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I am writing a paper for my first conference which is actually about my MSc dissertation. In my dissertation I designed a system and tested it with a number of users however, I don't want to include the testing/results in the conference paper because I believe it needs more testing (on a larger number of users).

I'm not sure though if I can submit the paper without results or will it be rejected because of that?

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    Normally, you would include some preliminary results and convert your gut-feeling into a founded explanation as to WHY the system need more testing. – Alexander Apr 29 '14 at 11:30
  • Often in the case of Computer Science (software engineering in particular), short papers in conferences are for what it seems you are describing: preliminary results. – user7112 Apr 29 '14 at 12:15
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    You certainly may submit the paper. It very well may be rejected. – Dave Clarke Apr 29 '14 at 13:54
  • If the papers published in this conference in the past all include results, that's a signal that unexceptional submissions without results probably won't be accepted. – ff524 Apr 29 '14 at 14:08
  • I'd include your results as preliminary and explain why more data is required to obtain a significant result. – CodesInChaos Apr 29 '14 at 14:53
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(as you are talking about a system that needs to be evaluated on a number of users, I have the impression that you may be in a field related to software engineering, so that's what I am working with in the rest of the answer - but other fields will likely not be much different, just the examples I provide below may be of less relevance)

The answer to this question largely depends on what conference you plan to submit to, and how preliminary your results are. Different conferences value different things, and differently ranked conferences need results on different levels of maturity.

Some examples from the wider field of systems and software engineering:

  • ICSE is the major conference in software engineering. You will need a solid idea and a strong, convincing evaluation. Testing on a significant number of real users will be required (what this means exactly depends a bit on the type of system, of course). Generally, reviewers at ICSE are not so interested in the concrete software you built, more in the processes, concepts and methodologies underlying your system.
  • USENIX Middleware is another major conference, but with a completely separate focus. Here, the actual system implementation is what counts. Few Middleware papers have user studies etc., but all of them provide detailed performance analysis and comparisons with existing tools and systems. Providing your system in a useable (!) way for download is almost mandatory.
  • The World Wide Web Conference is the premier conference for Web engineering. What really counts here is the data you have. Access to real-life data (e.g., usage data, search logs, social network data sets, etc.) is really important, more so than testing with real users. Papers that provide a new publicly available set of real-life data with some interesting characteristics are often valued highly. Implementation generally counts less than algorithms.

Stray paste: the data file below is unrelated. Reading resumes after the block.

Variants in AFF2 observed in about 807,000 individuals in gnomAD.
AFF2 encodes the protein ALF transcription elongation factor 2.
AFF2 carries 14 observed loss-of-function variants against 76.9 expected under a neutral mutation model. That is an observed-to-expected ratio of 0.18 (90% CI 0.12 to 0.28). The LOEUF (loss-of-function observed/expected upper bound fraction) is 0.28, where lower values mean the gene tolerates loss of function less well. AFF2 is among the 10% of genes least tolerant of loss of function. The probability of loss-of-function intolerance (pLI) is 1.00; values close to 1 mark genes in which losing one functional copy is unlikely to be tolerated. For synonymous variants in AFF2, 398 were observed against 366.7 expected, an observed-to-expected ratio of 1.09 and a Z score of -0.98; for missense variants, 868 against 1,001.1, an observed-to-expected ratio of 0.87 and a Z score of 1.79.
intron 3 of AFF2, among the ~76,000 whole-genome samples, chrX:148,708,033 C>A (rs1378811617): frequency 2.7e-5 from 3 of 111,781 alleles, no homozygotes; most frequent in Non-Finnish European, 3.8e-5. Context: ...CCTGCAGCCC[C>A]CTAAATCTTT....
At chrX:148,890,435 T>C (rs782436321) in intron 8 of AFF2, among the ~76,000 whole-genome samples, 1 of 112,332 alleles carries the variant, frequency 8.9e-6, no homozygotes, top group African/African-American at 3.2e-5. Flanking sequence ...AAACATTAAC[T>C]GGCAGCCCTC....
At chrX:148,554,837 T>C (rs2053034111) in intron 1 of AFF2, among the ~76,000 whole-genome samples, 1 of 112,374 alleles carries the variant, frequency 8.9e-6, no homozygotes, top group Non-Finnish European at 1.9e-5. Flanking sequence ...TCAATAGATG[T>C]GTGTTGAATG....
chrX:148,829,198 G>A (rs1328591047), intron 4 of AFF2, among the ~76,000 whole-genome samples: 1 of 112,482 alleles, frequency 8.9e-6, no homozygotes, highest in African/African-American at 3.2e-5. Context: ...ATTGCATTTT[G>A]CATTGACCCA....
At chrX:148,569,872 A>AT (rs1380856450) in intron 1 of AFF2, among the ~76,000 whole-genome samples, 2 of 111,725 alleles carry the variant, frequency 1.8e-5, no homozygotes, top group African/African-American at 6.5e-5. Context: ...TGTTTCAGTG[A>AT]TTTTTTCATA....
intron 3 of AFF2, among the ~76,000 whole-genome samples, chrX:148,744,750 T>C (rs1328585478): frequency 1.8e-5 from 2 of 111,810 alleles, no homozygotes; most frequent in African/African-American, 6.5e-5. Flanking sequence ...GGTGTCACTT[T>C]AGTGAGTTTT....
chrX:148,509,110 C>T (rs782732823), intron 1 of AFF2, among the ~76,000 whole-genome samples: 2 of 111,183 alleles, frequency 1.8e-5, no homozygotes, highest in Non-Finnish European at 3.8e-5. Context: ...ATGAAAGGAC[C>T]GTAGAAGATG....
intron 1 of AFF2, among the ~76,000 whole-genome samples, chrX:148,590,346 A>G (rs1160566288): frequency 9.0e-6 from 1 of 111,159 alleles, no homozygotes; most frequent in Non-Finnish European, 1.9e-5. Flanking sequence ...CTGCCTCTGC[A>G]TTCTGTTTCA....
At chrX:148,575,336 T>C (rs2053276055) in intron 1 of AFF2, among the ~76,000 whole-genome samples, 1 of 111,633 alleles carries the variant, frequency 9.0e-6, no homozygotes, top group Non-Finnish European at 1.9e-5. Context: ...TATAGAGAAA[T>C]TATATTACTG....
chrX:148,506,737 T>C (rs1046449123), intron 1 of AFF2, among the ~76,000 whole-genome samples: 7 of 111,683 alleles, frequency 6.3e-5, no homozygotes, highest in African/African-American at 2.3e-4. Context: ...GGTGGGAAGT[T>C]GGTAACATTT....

• ICSOC is an example of a smaller, more subfield-oriented conference. Here, you need a good idea and some preliminary or intermediary results, but most papers are not evaluated very strictly. Most papers submitted here are still, at least to some extend, work-in-progress.

Basically all sub-fields have their own smaller conferences similar to ICSOC (last example). While they are usually at least one tier below the more general conferences, they are usually a good first outlet for publication, as they are often less competitive and do not require a fully evaluated and finished research project. However, do not think that smaller conferences accept everything. ICSOC still sports an acceptance rate between 15% and 20%.

What I am trying to say is that different conferences work completely differently, and submitting the same paper to two (even equally good) conferences can easily end in a Strong Reject followed by Strong Accept. It is important to know how papers in a given conference typically look like, how they are presented, and how they are evaluated. Going against the mainstream in a conference is usually not the best idea, especially not in the beginning. This is were you need the advise of a senior person, who should have experience in writing papers for the relevant conferences in your field. If that is not available, you can also try to carefully survey previous proceedings, and see if you can find patterns and overall styles yourself. However, be prepared that you may miss nuances if you do this yourself. For instance, if your target conference typically does not have many applied papers, it is difficult to tell without knowing an experienced insider whether this is because applied papers are not often submitted there, or because the TPC always rejects almost all applied papers.

Edit:

I noticed that I rambled on without ever really answering your questions ...

I'm not sure though if I can submit the paper without results or will it be rejected because of that?

Without any results may be difficult, although you can still try to submit to a workshop or work-in-progress track. However, if you already have some preliminary results, it sounds like a smaller, more specialized conference may be a good choice for you. Of course the validity of this depends a bit on how small your evaluation was...

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